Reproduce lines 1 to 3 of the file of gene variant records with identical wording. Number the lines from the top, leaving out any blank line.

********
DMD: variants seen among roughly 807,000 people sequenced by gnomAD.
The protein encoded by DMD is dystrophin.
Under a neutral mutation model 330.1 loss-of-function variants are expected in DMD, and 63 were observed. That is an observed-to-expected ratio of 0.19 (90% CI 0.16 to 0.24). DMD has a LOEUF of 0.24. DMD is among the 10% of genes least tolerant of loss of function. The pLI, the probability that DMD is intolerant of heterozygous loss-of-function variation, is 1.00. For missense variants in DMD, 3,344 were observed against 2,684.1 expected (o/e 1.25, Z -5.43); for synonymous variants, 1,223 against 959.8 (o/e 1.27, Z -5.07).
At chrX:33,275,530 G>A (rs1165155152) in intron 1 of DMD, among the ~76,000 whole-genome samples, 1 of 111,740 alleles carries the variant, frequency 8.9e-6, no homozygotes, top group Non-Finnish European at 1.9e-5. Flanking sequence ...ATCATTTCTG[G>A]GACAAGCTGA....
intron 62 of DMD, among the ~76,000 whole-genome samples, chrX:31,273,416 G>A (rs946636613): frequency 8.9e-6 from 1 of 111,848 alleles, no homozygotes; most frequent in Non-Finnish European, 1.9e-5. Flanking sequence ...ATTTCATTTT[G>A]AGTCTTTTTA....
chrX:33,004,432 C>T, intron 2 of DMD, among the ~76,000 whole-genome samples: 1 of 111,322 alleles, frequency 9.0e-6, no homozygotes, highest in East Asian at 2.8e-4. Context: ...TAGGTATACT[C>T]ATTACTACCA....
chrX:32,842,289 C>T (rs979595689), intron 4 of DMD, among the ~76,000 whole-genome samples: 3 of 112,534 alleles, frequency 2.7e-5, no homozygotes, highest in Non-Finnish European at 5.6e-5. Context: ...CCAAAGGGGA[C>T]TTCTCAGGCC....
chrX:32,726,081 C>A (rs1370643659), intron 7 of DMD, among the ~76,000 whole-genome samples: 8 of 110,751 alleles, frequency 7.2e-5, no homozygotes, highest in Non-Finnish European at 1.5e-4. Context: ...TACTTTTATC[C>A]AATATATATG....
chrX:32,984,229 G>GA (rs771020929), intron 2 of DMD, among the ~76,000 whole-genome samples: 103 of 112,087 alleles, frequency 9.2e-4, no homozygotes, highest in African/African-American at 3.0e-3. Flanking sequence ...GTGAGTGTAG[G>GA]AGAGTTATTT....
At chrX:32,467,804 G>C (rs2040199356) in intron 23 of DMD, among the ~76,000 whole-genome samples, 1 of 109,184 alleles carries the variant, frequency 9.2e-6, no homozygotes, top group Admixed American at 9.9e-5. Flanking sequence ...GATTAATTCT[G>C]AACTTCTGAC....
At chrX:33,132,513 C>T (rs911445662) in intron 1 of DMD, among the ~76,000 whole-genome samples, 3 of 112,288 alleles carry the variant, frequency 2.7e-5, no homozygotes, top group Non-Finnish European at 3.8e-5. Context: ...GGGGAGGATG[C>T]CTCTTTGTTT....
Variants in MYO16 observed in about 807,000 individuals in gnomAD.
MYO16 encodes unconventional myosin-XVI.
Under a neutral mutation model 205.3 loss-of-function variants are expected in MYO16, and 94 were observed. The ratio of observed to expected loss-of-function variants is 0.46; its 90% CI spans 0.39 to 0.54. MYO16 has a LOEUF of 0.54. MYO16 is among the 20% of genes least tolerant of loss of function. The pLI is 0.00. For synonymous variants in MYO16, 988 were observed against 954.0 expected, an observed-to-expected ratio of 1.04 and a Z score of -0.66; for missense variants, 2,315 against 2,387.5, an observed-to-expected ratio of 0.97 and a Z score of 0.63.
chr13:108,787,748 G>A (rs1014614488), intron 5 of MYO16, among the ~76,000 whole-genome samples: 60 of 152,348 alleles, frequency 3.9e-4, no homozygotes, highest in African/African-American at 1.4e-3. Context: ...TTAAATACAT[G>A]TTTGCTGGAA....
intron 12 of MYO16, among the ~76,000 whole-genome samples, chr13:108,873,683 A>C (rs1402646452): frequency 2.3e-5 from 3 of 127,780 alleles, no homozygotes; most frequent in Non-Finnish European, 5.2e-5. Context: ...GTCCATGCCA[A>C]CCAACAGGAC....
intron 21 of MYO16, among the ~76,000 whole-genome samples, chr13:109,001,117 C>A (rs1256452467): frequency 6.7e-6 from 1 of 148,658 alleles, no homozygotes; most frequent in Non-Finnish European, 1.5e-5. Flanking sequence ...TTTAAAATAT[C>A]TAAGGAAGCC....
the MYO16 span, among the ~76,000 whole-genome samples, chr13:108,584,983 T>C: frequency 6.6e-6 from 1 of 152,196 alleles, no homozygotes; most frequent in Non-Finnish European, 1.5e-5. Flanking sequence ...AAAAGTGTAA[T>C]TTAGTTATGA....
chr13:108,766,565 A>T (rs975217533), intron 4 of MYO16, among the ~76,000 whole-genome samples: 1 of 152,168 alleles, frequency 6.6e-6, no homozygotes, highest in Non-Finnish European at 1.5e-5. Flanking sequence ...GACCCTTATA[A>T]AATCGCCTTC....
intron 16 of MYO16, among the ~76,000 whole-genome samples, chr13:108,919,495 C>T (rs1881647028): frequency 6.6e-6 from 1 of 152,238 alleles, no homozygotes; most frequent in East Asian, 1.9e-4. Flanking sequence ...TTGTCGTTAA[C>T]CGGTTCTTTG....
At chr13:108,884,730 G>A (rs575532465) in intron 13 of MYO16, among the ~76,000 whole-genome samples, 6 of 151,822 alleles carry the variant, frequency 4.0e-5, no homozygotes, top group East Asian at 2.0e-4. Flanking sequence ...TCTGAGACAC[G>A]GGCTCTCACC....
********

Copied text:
DMD: variants seen among roughly 807,000 people sequenced by gnomAD.
The protein encoded by DMD is dystrophin.
Under a neutral mutation model 330.1 loss-of-function variants are expected in DMD, and 63 were observed. That is an observed-to-expected ratio of 0.19 (90% CI 0.16 to 0.24). DMD has a LOEUF of 0.24. DMD is among the 10% of genes least tolerant of loss of function. The pLI, the probability that DMD is intolerant of heterozygous loss-of-function variation, is 1.00. For missense variants in DMD, 3,344 were observed against 2,684.1 expected (o/e 1.25, Z -5.43); for synonymous variants, 1,223 against 959.8 (o/e 1.27, Z -5.07).